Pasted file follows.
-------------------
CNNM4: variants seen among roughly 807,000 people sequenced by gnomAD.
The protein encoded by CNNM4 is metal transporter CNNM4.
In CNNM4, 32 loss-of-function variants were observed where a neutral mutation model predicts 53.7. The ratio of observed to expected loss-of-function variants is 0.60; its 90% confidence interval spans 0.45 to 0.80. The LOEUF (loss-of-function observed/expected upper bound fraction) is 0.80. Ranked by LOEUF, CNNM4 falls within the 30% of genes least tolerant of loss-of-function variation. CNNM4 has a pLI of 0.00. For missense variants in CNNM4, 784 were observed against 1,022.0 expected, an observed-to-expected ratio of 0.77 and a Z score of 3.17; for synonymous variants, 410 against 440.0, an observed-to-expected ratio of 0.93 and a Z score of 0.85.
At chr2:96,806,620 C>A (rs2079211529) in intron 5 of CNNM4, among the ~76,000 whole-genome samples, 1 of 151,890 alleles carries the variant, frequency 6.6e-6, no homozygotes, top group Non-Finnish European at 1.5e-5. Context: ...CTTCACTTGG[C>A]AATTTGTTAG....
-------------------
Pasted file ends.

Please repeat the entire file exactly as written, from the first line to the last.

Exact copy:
CNNM4: variants seen among roughly 807,000 people sequenced by gnomAD.
The protein encoded by CNNM4 is metal transporter CNNM4.
In CNNM4, 32 loss-of-function variants were observed where a neutral mutation model predicts 53.7. The ratio of observed to expected loss-of-function variants is 0.60; its 90% confidence interval spans 0.45 to 0.80. The LOEUF (loss-of-function observed/expected upper bound fraction) is 0.80. Ranked by LOEUF, CNNM4 falls within the 30% of genes least tolerant of loss-of-function variation. CNNM4 has a pLI of 0.00. For missense variants in CNNM4, 784 were observed against 1,022.0 expected, an observed-to-expected ratio of 0.77 and a Z score of 3.17; for synonymous variants, 410 against 440.0, an observed-to-expected ratio of 0.93 and a Z score of 0.85.
At chr2:96,806,620 C>A (rs2079211529) in intron 5 of CNNM4, among the ~76,000 whole-genome samples, 1 of 151,890 alleles carries the variant, frequency 6.6e-6, no homozygotes, top group Non-Finnish European at 1.5e-5. Context: ...CTTCACTTGG[C>A]AATTTGTTAG....